How Comcast Views the Evolution of Its Cable Networks Business
Comcast’s cable networks
Comcast’s (CMCSA) cable networks include MSNBC, Syfy, Bravo, and other sports networks that together reach around 27 million viewers in the United States (SPY). The company’s cable networks business acquires sports programming rights from third parties and also licenses its original content to other cable and broadcast networks and SVOD (subscription video on demand) services like Hulu and Netflix (NFLX).
Comcast stated at the Morgan Stanley Technology, Media & Telecom Conference late last month that the rising number of entrants in the SVOD and OTT (over-the-top) space has meant that there is more demand for its content, which is also indicative of higher content licensing revenues for the company.
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However, the company also stated that its Cable Networks business is still growing, albeit slowly and in single digits. Comcast further said that the decline in program ratings has been due to the rising competition from content providers in the media industry.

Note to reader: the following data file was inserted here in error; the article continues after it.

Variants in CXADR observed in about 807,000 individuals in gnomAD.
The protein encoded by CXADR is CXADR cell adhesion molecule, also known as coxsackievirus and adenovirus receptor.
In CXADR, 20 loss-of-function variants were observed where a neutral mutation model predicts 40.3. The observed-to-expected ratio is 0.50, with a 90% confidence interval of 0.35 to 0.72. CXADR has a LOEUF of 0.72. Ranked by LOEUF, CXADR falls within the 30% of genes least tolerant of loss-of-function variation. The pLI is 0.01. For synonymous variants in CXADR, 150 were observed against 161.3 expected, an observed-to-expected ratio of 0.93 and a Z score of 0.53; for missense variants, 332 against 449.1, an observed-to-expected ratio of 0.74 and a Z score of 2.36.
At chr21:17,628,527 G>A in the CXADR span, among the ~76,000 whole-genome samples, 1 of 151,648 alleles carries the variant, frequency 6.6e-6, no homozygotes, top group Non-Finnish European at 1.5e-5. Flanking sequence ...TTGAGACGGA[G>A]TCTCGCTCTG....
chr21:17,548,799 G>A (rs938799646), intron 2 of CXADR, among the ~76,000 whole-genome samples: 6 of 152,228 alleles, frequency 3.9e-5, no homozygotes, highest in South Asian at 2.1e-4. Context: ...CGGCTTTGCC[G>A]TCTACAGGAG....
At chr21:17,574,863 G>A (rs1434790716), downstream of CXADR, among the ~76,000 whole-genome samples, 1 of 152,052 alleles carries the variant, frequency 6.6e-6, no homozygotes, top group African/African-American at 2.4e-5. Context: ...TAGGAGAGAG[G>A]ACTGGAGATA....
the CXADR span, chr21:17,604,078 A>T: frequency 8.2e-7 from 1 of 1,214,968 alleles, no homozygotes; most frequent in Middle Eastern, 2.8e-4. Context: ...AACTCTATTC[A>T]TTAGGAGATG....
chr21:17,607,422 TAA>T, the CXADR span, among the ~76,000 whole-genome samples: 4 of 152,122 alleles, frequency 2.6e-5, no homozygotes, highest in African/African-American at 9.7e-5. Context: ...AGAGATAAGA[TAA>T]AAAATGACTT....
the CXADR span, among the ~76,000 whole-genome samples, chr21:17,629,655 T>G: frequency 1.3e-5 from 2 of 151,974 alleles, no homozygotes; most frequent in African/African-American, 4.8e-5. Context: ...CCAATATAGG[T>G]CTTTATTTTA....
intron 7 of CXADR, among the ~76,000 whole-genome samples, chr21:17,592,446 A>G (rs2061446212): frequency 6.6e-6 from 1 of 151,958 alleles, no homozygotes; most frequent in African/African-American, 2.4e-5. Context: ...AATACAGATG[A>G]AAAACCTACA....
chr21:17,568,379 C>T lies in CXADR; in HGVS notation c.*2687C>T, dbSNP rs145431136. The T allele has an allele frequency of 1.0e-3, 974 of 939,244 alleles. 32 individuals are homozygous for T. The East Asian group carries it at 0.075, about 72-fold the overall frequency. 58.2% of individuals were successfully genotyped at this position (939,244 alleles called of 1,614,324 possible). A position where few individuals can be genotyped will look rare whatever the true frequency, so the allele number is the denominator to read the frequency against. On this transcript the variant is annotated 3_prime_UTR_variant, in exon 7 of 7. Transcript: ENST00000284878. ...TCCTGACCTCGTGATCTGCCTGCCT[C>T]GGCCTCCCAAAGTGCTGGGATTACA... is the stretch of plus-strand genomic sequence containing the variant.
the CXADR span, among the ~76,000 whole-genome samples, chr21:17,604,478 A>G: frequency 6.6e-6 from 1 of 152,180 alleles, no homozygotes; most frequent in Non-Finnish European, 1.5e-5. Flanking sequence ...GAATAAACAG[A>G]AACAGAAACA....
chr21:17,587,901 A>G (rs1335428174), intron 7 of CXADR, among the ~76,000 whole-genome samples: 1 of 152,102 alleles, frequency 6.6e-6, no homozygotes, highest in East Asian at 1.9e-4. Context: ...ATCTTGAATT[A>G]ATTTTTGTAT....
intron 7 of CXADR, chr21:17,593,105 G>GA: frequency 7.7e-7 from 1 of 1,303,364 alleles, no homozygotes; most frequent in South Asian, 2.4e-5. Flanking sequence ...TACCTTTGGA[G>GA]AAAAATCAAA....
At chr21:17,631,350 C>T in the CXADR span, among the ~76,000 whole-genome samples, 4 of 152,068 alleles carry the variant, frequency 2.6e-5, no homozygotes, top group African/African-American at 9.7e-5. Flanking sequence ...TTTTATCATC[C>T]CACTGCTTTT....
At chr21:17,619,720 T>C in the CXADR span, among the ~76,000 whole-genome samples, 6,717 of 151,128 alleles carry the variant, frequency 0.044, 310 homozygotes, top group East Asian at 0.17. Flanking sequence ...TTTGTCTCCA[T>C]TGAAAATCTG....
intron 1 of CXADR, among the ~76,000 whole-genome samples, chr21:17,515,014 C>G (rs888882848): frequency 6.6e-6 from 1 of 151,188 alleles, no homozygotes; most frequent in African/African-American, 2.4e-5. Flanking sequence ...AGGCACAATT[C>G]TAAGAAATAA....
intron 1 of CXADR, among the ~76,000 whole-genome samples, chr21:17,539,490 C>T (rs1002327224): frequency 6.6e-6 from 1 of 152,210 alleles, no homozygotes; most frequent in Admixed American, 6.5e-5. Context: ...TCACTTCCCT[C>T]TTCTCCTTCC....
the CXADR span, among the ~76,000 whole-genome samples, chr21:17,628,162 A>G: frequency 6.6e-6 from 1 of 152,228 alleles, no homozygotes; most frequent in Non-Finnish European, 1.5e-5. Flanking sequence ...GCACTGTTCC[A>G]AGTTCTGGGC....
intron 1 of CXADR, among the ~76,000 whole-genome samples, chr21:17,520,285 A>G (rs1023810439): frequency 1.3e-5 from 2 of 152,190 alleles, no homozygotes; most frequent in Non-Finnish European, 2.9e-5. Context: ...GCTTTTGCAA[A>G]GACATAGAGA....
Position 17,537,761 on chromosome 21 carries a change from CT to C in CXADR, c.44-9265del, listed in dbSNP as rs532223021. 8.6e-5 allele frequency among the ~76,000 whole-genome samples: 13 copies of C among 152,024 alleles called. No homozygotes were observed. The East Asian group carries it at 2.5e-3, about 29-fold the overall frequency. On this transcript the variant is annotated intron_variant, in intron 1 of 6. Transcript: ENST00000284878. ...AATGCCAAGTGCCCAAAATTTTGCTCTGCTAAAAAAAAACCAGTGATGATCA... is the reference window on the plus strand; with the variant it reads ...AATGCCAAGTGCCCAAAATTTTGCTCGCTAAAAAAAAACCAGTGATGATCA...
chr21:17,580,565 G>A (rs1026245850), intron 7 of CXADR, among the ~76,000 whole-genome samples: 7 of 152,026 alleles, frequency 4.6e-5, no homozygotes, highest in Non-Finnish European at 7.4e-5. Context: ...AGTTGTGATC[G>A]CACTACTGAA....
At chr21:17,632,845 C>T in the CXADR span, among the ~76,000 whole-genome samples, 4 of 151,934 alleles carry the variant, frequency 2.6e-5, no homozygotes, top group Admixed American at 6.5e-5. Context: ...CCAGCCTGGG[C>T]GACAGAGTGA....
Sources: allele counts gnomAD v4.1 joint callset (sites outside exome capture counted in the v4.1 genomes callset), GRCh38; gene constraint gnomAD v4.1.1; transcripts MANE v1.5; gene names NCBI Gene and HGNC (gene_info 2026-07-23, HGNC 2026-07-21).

Comcast said that its Telemundo broadcast network has very little cash flow, but it’s quickly grabbing market share from its competitors in the United States. Comcast’s Telemundo network produces and distributes content in Spanish in the US and in international markets.
This network currently holds the Spanish-language broadcast rights in the US to the FIFA Soccer World Cup through 2026 and for certain NFL games through 2022–2023.
Comcast expects that these sports programming rights will further fuel growth for Telemundo. As the above chart indicates, Comcast’s cable networks made up 29% of Comcast’s NBCUniversal total revenues of $8.5 billion in fiscal 4Q16 with revenues of $2.5 billion.